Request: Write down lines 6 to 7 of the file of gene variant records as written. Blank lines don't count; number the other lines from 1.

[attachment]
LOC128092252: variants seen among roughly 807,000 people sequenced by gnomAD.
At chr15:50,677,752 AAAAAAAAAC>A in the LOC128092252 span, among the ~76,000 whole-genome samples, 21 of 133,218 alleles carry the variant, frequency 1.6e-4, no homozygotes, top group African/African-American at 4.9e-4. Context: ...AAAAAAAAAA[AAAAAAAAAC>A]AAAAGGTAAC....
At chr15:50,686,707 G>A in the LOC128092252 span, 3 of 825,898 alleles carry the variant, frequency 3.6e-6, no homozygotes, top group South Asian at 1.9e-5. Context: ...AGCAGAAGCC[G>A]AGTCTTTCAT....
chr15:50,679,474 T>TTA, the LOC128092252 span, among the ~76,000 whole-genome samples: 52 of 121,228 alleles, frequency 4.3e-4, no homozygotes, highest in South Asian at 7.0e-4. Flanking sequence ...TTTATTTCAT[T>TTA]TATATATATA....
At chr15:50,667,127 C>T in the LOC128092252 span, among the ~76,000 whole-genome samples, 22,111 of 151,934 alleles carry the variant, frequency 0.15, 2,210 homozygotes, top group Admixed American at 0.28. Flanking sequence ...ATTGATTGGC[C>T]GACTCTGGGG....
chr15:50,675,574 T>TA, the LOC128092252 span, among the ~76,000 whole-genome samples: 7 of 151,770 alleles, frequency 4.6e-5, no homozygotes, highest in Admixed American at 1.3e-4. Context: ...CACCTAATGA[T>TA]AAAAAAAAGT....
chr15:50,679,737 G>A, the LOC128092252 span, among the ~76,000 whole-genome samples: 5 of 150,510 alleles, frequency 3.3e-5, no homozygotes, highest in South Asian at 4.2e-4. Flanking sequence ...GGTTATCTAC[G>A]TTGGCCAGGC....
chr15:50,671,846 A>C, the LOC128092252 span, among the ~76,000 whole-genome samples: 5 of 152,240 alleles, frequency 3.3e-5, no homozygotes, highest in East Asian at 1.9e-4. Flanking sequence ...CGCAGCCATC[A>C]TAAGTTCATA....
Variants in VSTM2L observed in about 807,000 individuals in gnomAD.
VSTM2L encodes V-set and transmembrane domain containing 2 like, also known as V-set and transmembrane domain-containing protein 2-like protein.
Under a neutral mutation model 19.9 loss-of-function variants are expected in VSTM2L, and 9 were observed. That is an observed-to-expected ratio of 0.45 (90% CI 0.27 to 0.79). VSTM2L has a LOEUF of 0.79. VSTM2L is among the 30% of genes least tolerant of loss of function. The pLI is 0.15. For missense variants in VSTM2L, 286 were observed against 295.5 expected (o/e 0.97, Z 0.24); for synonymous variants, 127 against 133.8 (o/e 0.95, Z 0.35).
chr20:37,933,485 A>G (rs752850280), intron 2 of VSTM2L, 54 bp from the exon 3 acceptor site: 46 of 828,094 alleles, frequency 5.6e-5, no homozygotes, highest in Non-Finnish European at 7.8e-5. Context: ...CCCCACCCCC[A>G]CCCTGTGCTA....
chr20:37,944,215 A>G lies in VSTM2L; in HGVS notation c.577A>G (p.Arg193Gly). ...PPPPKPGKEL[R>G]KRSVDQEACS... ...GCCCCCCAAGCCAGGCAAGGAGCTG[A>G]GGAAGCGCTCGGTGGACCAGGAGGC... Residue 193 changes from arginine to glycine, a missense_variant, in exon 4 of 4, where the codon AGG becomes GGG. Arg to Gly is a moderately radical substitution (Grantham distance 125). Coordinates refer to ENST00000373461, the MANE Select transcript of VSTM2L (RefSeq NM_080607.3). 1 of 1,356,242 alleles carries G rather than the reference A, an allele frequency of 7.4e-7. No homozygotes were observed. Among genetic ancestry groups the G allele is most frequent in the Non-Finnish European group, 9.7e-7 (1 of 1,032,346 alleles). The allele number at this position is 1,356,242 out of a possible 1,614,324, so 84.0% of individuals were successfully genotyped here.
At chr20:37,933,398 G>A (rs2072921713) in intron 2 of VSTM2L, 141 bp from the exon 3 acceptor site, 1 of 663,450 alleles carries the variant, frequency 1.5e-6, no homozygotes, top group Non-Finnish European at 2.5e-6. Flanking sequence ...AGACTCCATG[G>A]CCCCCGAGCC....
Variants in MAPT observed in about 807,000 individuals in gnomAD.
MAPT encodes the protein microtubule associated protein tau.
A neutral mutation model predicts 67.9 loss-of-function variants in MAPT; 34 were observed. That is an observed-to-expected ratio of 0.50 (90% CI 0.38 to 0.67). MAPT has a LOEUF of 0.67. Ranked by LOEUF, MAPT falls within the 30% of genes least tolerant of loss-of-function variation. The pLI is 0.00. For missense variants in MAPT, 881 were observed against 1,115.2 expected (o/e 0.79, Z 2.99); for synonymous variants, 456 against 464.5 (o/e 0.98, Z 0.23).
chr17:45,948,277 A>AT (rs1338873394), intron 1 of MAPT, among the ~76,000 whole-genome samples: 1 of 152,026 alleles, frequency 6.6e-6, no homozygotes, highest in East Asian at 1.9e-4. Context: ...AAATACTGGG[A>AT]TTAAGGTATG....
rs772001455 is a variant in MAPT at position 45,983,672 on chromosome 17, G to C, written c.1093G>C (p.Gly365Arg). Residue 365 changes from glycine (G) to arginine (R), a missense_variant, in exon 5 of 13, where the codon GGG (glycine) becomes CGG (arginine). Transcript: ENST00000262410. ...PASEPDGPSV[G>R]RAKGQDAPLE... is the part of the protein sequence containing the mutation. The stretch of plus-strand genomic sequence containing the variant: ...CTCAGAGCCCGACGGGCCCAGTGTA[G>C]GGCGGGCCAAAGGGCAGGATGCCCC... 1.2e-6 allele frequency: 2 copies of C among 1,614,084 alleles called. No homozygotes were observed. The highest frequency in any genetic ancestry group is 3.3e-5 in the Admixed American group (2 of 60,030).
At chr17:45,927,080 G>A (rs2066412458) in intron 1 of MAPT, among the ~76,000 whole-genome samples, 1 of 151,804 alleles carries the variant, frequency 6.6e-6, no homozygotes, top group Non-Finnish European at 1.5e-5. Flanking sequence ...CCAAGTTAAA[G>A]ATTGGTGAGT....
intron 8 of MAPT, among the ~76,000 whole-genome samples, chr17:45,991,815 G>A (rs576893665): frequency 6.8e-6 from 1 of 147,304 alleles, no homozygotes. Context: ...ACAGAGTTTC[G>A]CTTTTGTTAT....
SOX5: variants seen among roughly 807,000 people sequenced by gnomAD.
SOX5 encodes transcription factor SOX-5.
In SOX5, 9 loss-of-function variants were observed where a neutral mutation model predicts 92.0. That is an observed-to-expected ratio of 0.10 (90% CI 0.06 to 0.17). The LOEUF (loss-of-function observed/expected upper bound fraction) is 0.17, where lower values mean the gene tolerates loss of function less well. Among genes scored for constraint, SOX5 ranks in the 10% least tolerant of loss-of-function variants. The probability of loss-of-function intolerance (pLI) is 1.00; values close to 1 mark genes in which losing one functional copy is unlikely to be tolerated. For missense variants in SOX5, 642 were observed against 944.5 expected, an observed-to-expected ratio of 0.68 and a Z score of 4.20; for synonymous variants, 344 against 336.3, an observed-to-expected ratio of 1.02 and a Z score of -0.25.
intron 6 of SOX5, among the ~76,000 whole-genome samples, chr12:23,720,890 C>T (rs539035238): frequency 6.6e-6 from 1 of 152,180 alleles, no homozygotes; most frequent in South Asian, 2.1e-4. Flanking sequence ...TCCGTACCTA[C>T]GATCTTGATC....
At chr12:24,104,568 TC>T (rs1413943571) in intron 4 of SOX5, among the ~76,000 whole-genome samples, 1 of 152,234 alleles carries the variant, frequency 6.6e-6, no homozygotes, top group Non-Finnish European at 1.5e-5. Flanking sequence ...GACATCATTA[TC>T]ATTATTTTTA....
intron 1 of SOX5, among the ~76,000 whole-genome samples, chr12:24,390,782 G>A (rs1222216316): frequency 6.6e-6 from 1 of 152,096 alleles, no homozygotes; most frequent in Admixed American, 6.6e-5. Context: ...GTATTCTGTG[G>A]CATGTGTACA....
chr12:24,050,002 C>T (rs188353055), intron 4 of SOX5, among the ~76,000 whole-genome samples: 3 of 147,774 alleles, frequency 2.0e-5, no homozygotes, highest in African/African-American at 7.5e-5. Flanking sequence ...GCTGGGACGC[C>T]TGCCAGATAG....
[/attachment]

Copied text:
chr15:50,675,574 T>TA, the LOC128092252 span, among the ~76,000 whole-genome samples: 7 of 151,770 alleles, frequency 4.6e-5, no homozygotes, highest in Admixed American at 1.3e-4. Context: ...CACCTAATGA[T>TA]AAAAAAAAGT....
chr15:50,679,737 G>A, the LOC128092252 span, among the ~76,000 whole-genome samples: 5 of 150,510 alleles, frequency 3.3e-5, no homozygotes, highest in South Asian at 4.2e-4. Flanking sequence ...GGTTATCTAC[G>A]TTGGCCAGGC....